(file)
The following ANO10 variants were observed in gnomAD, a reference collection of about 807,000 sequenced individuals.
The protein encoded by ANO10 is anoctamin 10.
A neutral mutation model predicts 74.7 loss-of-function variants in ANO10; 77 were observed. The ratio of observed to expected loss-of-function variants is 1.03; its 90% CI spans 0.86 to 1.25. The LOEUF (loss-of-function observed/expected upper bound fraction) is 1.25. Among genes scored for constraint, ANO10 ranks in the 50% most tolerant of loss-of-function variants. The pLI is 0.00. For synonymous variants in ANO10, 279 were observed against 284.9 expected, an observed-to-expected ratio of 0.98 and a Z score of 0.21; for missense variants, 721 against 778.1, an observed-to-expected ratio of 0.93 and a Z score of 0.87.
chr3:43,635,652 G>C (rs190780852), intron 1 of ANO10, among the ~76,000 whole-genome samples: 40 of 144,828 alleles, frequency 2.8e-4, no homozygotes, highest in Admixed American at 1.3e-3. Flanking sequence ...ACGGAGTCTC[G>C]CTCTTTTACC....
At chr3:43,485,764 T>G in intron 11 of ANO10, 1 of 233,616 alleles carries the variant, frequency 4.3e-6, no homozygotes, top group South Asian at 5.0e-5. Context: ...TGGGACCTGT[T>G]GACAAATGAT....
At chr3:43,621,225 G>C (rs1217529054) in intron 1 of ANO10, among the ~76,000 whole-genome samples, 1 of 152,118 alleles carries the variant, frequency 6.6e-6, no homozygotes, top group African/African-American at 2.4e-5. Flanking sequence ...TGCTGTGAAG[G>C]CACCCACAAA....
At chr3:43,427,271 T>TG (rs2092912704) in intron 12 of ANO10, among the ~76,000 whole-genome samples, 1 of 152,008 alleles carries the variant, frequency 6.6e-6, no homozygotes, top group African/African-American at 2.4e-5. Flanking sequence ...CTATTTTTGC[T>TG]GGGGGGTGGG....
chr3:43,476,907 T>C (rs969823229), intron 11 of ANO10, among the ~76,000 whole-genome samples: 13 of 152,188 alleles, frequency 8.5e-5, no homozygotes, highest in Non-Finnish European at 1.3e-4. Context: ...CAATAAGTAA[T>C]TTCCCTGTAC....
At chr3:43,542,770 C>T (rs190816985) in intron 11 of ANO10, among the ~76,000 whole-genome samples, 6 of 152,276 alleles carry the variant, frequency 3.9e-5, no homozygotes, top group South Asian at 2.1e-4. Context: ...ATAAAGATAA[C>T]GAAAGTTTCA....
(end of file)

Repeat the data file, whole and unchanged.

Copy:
The following ANO10 variants were observed in gnomAD, a reference collection of about 807,000 sequenced individuals.
The protein encoded by ANO10 is anoctamin 10.
A neutral mutation model predicts 74.7 loss-of-function variants in ANO10; 77 were observed. The ratio of observed to expected loss-of-function variants is 1.03; its 90% CI spans 0.86 to 1.25. The LOEUF (loss-of-function observed/expected upper bound fraction) is 1.25. Among genes scored for constraint, ANO10 ranks in the 50% most tolerant of loss-of-function variants. The pLI is 0.00. For synonymous variants in ANO10, 279 were observed against 284.9 expected, an observed-to-expected ratio of 0.98 and a Z score of 0.21; for missense variants, 721 against 778.1, an observed-to-expected ratio of 0.93 and a Z score of 0.87.
chr3:43,635,652 G>C (rs190780852), intron 1 of ANO10, among the ~76,000 whole-genome samples: 40 of 144,828 alleles, frequency 2.8e-4, no homozygotes, highest in Admixed American at 1.3e-3. Flanking sequence ...ACGGAGTCTC[G>C]CTCTTTTACC....
At chr3:43,485,764 T>G in intron 11 of ANO10, 1 of 233,616 alleles carries the variant, frequency 4.3e-6, no homozygotes, top group South Asian at 5.0e-5. Context: ...TGGGACCTGT[T>G]GACAAATGAT....
At chr3:43,621,225 G>C (rs1217529054) in intron 1 of ANO10, among the ~76,000 whole-genome samples, 1 of 152,118 alleles carries the variant, frequency 6.6e-6, no homozygotes, top group African/African-American at 2.4e-5. Flanking sequence ...TGCTGTGAAG[G>C]CACCCACAAA....
At chr3:43,427,271 T>TG (rs2092912704) in intron 12 of ANO10, among the ~76,000 whole-genome samples, 1 of 152,008 alleles carries the variant, frequency 6.6e-6, no homozygotes, top group African/African-American at 2.4e-5. Flanking sequence ...CTATTTTTGC[T>TG]GGGGGGTGGG....
chr3:43,476,907 T>C (rs969823229), intron 11 of ANO10, among the ~76,000 whole-genome samples: 13 of 152,188 alleles, frequency 8.5e-5, no homozygotes, highest in Non-Finnish European at 1.3e-4. Context: ...CAATAAGTAA[T>C]TTCCCTGTAC....
At chr3:43,542,770 C>T (rs190816985) in intron 11 of ANO10, among the ~76,000 whole-genome samples, 6 of 152,276 alleles carry the variant, frequency 3.9e-5, no homozygotes, top group South Asian at 2.1e-4. Context: ...ATAAAGATAA[C>T]GAAAGTTTCA....